The 2023 Partnership Forum of the Economic and Social Council (ECOSOC) was held on Tuesday, 31 January 2023 at the United Nations headquarters in New York.
Under the main theme of the 2023 ECOSOC and the High-level Political Forum on Sustainable Development (HLPF), “Accelerating the recovery from the coronavirus disease (COVID-19) and the full implementation of the 2030 Agenda for Sustainable Development at all levels,” the 2023 ECOSOC Partnership Forum hosted UN Member States and stakeholders – from civil society, the private sector, scientists, women, youth, local governments and many others – to discuss innovative efforts that are driving action on the UN Sustainable Development Goals (SDGs) and to highlight the contributions that partnerships can make in this regard.
Background on Spotlight Session 5
Moderator: Patrick Paul Walsh, VP of Education and Director of the SDG Academy, SDSN, & Member of the Multi-Stakeholder Advisory Group to the 2023 ECOSOC Partnership Forum
- Imme Scholz, Co-President, Heinrich Böll Foundation, & Co-chair, UN GSDR 2023
- Thanos Giannakopoulos, Chief, United Nations Dag Hammarskjöld Library & Information Management Section
- Jayashri Wyatt, Chief Education Outreach officer, UN Department of Global Communications, UN Academic Impact
- Brighton Kaoma, Global Director, SDSN Youth
Spotlight Session 5 highlighted the theme “Enhancing capacities for transformation: Building partnerships to harness science, technology and innovation.” Each organization brought a key issue to the table.
The 2023 UN Global Sustainable Development Report (GSDR) is being prepared by an Independent Group of Scientists appointed by the UN Secretary-General to allow a more effective SPI to accelerate action and overcome recent impediments that stand in the way of progress on sustainable development. This session outlines the table of contents for the 2023 UN GSDR to be presented at the SDG Summit, the mid-point review of the SDGs, during the General Assembly in September 2023.
The UN Library works to promote a global scientific knowledge commons as a key enabler for all stakeholders to implement the SDGs. In support of the latter, this session outlines the role of the UN Digital Library and UN Open Science Conferences since 2019.
UN Academic Impact outlines three key initiatives to populate the global commons and enhance SPI including a SDG Toolkit for HEIs, entry points for academia to contribute to UN Meetings, and the creation, in partnership with SDSN, of an “Overlay” of academic resources hosted in digital library repositories across the world that are oriented to the SDGs.
Finally, the session outlines the important role that youth can play in these initiatives, STI and SPI for the SDGs.
“No single person or institution can tackle global challenges single-handedly; If you want to go fast, go alone. If you want to go far, go together.”Brighton Kaoma, SDSN Youth
Key issues discussed:
Imme Scholz reported that the UN GSDR 2023 will build on the 2019 GSDR the six entry points and four levers for change; Governance, Economy and finance, Individual and collective action, Science and technology, but adds a fifth lever capacity. Acceleration and enabling the transformations across all nations is critical. The time dynamics of transformation and implementation will be explicitly addressed. In particular, spillovers across nations and losers of transformational processes. Multilateral approaches will be needed to have well-resourced levers of transformational pathways across all nation states. This may need a Global Code of Conduct for SDG STI across nations and pledges from nations to cooperate.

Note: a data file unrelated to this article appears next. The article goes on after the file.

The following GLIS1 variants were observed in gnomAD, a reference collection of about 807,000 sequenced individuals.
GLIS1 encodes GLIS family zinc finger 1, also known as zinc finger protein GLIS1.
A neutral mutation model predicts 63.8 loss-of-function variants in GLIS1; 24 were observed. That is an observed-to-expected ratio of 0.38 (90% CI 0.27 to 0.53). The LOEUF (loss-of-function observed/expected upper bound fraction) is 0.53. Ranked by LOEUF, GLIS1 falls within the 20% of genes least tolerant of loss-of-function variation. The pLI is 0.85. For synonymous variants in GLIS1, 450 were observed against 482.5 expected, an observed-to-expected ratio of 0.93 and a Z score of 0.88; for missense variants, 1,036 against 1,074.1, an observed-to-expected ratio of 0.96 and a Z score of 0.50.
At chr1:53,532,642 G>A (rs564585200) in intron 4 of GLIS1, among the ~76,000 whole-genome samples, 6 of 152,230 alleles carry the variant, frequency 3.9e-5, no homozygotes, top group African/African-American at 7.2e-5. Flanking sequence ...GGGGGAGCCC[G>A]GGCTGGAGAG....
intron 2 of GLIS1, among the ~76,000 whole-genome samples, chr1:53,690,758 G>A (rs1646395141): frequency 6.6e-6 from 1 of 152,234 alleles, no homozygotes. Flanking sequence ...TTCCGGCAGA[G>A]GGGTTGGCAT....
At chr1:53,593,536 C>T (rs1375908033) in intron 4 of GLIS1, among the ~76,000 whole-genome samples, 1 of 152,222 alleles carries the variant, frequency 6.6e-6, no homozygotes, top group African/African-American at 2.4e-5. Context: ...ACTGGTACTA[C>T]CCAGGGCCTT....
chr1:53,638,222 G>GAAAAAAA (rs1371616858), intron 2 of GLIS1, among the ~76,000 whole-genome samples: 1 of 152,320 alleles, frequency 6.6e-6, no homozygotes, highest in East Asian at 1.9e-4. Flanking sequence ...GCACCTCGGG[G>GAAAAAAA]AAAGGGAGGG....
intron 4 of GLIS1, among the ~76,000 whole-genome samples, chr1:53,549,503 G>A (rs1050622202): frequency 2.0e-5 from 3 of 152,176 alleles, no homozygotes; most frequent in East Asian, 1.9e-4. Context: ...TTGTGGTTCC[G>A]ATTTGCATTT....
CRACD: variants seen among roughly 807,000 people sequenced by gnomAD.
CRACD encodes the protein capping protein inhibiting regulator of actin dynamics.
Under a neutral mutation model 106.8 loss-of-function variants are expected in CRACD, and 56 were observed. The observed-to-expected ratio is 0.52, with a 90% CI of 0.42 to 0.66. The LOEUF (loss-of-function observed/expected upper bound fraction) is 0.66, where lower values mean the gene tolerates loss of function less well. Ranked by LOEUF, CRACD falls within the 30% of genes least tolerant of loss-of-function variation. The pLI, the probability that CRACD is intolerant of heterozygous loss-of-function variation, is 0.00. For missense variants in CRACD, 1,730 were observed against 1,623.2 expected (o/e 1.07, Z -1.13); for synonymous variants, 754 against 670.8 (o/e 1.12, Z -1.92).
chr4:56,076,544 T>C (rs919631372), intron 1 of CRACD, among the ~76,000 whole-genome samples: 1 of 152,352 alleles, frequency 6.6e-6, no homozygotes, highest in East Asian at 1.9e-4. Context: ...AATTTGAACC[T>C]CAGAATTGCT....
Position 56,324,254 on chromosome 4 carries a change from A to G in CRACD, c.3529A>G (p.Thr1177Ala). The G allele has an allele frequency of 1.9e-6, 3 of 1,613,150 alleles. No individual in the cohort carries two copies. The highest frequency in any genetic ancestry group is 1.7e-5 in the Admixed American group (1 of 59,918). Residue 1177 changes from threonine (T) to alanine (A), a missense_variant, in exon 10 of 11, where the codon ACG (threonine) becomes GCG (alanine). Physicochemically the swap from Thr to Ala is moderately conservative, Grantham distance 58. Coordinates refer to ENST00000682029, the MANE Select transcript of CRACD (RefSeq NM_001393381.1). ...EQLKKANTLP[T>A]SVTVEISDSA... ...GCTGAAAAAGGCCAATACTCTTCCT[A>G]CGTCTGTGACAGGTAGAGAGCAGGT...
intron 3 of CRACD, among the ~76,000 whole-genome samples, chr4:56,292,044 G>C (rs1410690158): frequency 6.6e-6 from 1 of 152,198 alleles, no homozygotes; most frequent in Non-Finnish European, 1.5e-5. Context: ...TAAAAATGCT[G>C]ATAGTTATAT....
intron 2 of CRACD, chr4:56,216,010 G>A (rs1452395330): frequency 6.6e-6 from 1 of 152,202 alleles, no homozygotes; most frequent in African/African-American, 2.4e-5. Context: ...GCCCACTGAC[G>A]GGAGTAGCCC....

Thanos Giannakopoulos showcased the UN Library and the United Nations Knowledge Commons, a suite of programmes, networks and outreach actions initiated by the Libraries of the global United Nations Secretariat. The goal is to offer these resources to policymakers, UN staff, and citizens worldwide, contextualized and free of charge, through a network of interoperable repositories. The 3rd UN Open Science Conference will be held 8-10 February 2023.
Jayashri Wyatt represented UN Academic Impact and outlined three key initiatives to populate the global commons and enhance SPI. UN Academic Impact helps showcase how partnerships around higher education institutions can focus on open scientific cooperation across borders and build an open SDG Knowledge Commons that enhances science policy interfaces really at all levels of governance. Initiatives include a SDG Tool Kit, bringing academia to the table to connect directly with policymakers at UN meetings and a partnership with SDSN to create an “overlay” of repositories of curriculum and other multimedia resources that can be accessed in multi languages and repurposed for free.
Finally, Brighton Kaoma, SDSN Youth, outlined the important role that youth can play in these initiatives.There is an urgent need to close inequalities for young people evidenced by inconsistent funding for STI and less global representation of young women and girls in science, technology, engineering, and mathematics as well as ICT subjects and the exclusion of young people in state partnerships for science policy.
Key recommendations for action:
- The UN GSDR 2023 will receive feedback from missions and many presentations in the run up to the SDG Submit.
- An invite to join the 3rd UN Open Science Conference on 8-10 February 2023.
- Call to fund a UN AI and SDSN project to create an “overlay” of repositories of curriculum and other multimedia resources that can be accessed in multi languages and repurposed for free.
- Globally, we have 1.8 billion young people between 18-25 years of age. This equates to 1.8 essential leaders, communicators and innovators for partnerships. The UN office for youth will be an important vehicle for coordinating youth STI and SPI across the word for the SDGs.